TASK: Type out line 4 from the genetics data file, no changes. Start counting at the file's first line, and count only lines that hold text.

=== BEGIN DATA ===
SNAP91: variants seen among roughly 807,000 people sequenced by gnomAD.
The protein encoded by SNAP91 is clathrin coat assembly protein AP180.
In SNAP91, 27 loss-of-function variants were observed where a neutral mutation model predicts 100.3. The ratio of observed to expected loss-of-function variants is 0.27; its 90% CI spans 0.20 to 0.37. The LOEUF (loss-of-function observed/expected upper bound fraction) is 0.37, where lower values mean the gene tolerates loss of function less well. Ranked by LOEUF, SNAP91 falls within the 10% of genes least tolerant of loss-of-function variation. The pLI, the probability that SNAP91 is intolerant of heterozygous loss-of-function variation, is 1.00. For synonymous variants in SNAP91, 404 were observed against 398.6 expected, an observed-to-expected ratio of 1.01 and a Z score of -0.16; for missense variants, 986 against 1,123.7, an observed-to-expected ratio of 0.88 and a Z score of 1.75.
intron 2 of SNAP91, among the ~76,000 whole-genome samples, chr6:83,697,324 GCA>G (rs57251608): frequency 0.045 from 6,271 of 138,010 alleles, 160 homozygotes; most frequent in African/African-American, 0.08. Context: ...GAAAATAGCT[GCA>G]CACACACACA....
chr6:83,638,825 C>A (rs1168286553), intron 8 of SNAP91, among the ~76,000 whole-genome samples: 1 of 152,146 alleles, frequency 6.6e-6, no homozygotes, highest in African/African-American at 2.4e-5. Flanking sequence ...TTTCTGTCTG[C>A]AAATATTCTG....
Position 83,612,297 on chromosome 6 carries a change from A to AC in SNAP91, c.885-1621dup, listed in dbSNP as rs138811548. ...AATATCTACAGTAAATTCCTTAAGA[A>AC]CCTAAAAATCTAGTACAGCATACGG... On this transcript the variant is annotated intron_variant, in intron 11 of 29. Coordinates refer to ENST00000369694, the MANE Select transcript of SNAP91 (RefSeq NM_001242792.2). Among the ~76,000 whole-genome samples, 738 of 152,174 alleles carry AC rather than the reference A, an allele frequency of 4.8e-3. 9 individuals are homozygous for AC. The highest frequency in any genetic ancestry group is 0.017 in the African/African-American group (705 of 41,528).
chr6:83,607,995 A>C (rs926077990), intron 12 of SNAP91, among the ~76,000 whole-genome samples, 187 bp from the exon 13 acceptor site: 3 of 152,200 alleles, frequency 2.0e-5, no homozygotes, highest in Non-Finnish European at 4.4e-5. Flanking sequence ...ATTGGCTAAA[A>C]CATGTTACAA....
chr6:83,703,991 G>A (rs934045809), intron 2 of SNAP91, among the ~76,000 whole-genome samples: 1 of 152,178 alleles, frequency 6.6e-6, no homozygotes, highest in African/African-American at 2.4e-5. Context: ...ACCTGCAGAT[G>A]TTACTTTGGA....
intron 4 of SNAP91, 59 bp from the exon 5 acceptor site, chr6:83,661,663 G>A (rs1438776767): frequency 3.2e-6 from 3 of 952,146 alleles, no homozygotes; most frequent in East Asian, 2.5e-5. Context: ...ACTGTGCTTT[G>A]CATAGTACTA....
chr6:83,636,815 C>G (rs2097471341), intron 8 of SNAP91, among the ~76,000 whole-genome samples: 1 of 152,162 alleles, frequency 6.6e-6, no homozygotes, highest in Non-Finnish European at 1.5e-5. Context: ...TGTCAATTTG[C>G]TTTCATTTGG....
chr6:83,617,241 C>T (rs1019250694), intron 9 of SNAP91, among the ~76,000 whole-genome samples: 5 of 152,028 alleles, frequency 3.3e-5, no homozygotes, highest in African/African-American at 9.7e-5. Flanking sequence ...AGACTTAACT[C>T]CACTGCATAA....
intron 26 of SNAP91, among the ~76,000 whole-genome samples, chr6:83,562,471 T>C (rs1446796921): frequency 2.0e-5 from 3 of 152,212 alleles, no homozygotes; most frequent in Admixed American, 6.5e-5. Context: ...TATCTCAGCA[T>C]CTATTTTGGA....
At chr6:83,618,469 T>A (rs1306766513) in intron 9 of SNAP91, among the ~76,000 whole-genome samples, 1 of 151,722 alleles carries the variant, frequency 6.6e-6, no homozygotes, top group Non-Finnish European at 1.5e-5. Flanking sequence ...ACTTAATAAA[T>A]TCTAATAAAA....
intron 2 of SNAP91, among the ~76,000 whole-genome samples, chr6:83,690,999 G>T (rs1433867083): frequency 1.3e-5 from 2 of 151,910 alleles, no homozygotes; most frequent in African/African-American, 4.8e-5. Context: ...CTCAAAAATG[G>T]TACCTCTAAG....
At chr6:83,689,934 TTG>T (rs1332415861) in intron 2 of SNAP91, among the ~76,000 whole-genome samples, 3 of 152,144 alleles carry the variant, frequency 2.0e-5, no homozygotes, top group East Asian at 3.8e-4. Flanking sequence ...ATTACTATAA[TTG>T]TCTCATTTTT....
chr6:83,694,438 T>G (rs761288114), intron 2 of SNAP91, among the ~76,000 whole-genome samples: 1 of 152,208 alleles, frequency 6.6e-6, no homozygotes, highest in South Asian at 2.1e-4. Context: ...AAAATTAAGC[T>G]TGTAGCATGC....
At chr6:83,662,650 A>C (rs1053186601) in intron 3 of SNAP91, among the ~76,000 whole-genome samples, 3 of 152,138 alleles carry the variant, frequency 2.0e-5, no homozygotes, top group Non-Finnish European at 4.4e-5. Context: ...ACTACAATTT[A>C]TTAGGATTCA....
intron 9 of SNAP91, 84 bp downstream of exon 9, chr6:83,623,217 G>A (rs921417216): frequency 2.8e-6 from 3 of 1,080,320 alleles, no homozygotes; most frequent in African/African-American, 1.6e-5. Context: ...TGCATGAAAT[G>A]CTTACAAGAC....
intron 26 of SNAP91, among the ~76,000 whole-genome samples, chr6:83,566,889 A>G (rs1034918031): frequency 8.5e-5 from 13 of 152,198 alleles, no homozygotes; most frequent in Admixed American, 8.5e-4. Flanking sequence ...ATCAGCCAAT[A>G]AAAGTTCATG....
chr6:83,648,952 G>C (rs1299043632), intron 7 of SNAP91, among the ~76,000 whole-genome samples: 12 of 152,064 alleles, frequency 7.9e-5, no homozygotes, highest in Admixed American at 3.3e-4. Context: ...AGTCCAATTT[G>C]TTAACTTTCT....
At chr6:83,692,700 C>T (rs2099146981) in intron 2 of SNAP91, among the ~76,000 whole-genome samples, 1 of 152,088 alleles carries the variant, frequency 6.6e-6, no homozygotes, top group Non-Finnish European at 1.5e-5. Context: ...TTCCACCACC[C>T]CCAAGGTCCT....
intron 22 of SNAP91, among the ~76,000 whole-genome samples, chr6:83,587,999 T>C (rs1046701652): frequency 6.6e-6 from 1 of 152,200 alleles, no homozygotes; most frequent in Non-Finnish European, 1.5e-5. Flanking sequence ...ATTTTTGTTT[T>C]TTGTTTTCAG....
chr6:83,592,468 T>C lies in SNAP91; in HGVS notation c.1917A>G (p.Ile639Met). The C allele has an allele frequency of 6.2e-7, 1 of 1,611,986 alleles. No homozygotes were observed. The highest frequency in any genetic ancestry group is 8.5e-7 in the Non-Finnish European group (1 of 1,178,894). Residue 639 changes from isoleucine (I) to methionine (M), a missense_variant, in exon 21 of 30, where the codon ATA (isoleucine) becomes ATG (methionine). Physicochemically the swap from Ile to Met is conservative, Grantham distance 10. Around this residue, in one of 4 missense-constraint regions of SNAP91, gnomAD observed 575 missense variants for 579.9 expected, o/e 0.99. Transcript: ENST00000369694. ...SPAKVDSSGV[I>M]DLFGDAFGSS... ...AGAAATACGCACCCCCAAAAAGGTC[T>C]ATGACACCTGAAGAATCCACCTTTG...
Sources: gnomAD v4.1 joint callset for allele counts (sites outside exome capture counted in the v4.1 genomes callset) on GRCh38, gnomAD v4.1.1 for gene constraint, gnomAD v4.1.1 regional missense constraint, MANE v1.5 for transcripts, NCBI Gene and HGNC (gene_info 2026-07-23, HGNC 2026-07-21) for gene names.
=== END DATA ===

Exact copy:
intron 2 of SNAP91, among the ~76,000 whole-genome samples, chr6:83,697,324 GCA>G (rs57251608): frequency 0.045 from 6,271 of 138,010 alleles, 160 homozygotes; most frequent in African/African-American, 0.08. Context: ...GAAAATAGCT[GCA>G]CACACACACA....